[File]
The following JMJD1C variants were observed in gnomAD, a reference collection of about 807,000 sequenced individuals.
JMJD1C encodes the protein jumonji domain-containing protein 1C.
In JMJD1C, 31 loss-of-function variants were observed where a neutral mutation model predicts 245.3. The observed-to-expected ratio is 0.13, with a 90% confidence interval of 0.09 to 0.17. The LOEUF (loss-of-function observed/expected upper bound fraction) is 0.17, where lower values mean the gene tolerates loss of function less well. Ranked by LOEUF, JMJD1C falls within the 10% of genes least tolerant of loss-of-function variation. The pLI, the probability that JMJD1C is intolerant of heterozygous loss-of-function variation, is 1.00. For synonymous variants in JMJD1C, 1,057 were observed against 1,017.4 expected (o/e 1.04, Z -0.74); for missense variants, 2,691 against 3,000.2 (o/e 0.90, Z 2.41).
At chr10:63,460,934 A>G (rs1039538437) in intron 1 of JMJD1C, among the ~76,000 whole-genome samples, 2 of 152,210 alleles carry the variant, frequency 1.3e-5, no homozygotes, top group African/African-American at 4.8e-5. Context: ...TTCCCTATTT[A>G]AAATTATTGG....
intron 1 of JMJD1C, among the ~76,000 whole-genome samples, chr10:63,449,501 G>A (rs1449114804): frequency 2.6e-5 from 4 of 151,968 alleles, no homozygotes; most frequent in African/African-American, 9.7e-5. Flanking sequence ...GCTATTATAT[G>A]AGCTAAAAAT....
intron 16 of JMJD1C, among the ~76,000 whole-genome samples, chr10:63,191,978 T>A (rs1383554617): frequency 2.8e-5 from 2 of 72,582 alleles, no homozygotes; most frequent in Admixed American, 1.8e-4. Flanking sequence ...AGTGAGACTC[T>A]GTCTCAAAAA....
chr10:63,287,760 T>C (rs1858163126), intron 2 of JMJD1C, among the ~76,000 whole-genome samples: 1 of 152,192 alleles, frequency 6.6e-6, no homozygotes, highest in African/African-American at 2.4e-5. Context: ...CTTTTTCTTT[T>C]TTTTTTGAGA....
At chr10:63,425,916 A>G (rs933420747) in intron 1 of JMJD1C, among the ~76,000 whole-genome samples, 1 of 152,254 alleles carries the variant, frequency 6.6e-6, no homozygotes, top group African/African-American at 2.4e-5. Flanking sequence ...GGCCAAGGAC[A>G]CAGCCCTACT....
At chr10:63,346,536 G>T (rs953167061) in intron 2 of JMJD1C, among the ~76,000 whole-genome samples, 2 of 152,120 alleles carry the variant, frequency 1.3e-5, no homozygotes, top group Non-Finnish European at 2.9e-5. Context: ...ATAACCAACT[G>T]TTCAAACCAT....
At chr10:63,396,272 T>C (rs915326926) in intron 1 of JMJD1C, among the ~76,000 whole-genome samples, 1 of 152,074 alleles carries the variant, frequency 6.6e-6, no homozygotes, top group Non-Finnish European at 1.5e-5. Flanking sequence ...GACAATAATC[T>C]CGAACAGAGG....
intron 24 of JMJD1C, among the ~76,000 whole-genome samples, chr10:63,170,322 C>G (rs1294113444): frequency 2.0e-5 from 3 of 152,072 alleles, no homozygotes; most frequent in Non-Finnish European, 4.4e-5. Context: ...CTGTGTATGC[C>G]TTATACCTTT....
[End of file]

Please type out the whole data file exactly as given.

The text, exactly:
The following JMJD1C variants were observed in gnomAD, a reference collection of about 807,000 sequenced individuals.
JMJD1C encodes the protein jumonji domain-containing protein 1C.
In JMJD1C, 31 loss-of-function variants were observed where a neutral mutation model predicts 245.3. The observed-to-expected ratio is 0.13, with a 90% confidence interval of 0.09 to 0.17. The LOEUF (loss-of-function observed/expected upper bound fraction) is 0.17, where lower values mean the gene tolerates loss of function less well. Ranked by LOEUF, JMJD1C falls within the 10% of genes least tolerant of loss-of-function variation. The pLI, the probability that JMJD1C is intolerant of heterozygous loss-of-function variation, is 1.00. For synonymous variants in JMJD1C, 1,057 were observed against 1,017.4 expected (o/e 1.04, Z -0.74); for missense variants, 2,691 against 3,000.2 (o/e 0.90, Z 2.41).
At chr10:63,460,934 A>G (rs1039538437) in intron 1 of JMJD1C, among the ~76,000 whole-genome samples, 2 of 152,210 alleles carry the variant, frequency 1.3e-5, no homozygotes, top group African/African-American at 4.8e-5. Context: ...TTCCCTATTT[A>G]AAATTATTGG....
intron 1 of JMJD1C, among the ~76,000 whole-genome samples, chr10:63,449,501 G>A (rs1449114804): frequency 2.6e-5 from 4 of 151,968 alleles, no homozygotes; most frequent in African/African-American, 9.7e-5. Flanking sequence ...GCTATTATAT[G>A]AGCTAAAAAT....
intron 16 of JMJD1C, among the ~76,000 whole-genome samples, chr10:63,191,978 T>A (rs1383554617): frequency 2.8e-5 from 2 of 72,582 alleles, no homozygotes; most frequent in Admixed American, 1.8e-4. Flanking sequence ...AGTGAGACTC[T>A]GTCTCAAAAA....
chr10:63,287,760 T>C (rs1858163126), intron 2 of JMJD1C, among the ~76,000 whole-genome samples: 1 of 152,192 alleles, frequency 6.6e-6, no homozygotes, highest in African/African-American at 2.4e-5. Context: ...CTTTTTCTTT[T>C]TTTTTTGAGA....
At chr10:63,425,916 A>G (rs933420747) in intron 1 of JMJD1C, among the ~76,000 whole-genome samples, 1 of 152,254 alleles carries the variant, frequency 6.6e-6, no homozygotes, top group African/African-American at 2.4e-5. Flanking sequence ...GGCCAAGGAC[A>G]CAGCCCTACT....
At chr10:63,346,536 G>T (rs953167061) in intron 2 of JMJD1C, among the ~76,000 whole-genome samples, 2 of 152,120 alleles carry the variant, frequency 1.3e-5, no homozygotes, top group Non-Finnish European at 2.9e-5. Context: ...ATAACCAACT[G>T]TTCAAACCAT....
At chr10:63,396,272 T>C (rs915326926) in intron 1 of JMJD1C, among the ~76,000 whole-genome samples, 1 of 152,074 alleles carries the variant, frequency 6.6e-6, no homozygotes, top group Non-Finnish European at 1.5e-5. Flanking sequence ...GACAATAATC[T>C]CGAACAGAGG....
intron 24 of JMJD1C, among the ~76,000 whole-genome samples, chr10:63,170,322 C>G (rs1294113444): frequency 2.0e-5 from 3 of 152,072 alleles, no homozygotes; most frequent in Non-Finnish European, 4.4e-5. Context: ...CTGTGTATGC[C>G]TTATACCTTT....